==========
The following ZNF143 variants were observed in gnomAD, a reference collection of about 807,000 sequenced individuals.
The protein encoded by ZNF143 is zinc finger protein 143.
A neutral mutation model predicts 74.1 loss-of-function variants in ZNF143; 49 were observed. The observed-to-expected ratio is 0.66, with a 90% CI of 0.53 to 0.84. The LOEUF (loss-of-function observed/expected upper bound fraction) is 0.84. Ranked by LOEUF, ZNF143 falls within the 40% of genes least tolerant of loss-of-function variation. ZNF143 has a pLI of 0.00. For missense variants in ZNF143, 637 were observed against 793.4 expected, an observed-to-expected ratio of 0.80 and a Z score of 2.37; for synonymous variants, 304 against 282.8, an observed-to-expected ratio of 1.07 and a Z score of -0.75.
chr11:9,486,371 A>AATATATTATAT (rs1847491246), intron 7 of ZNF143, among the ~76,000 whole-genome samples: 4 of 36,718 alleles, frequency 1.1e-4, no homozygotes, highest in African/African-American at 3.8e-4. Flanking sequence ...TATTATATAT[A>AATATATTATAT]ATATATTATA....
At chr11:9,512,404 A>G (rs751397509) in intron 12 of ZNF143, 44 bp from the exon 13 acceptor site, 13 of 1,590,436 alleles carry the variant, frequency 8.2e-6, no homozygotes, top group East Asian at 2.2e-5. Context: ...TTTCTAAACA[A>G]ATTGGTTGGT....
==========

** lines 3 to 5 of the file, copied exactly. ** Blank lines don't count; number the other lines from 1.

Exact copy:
A neutral mutation model predicts 74.1 loss-of-function variants in ZNF143; 49 were observed. The observed-to-expected ratio is 0.66, with a 90% CI of 0.53 to 0.84. The LOEUF (loss-of-function observed/expected upper bound fraction) is 0.84. Ranked by LOEUF, ZNF143 falls within the 40% of genes least tolerant of loss-of-function variation. ZNF143 has a pLI of 0.00. For missense variants in ZNF143, 637 were observed against 793.4 expected, an observed-to-expected ratio of 0.80 and a Z score of 2.37; for synonymous variants, 304 against 282.8, an observed-to-expected ratio of 1.07 and a Z score of -0.75.
chr11:9,486,371 A>AATATATTATAT (rs1847491246), intron 7 of ZNF143, among the ~76,000 whole-genome samples: 4 of 36,718 alleles, frequency 1.1e-4, no homozygotes, highest in African/African-American at 3.8e-4. Flanking sequence ...TATTATATAT[A>AATATATTATAT]ATATATTATA....
At chr11:9,512,404 A>G (rs751397509) in intron 12 of ZNF143, 44 bp from the exon 13 acceptor site, 13 of 1,590,436 alleles carry the variant, frequency 8.2e-6, no homozygotes, top group East Asian at 2.2e-5. Context: ...TTTCTAAACA[A>G]ATTGGTTGGT....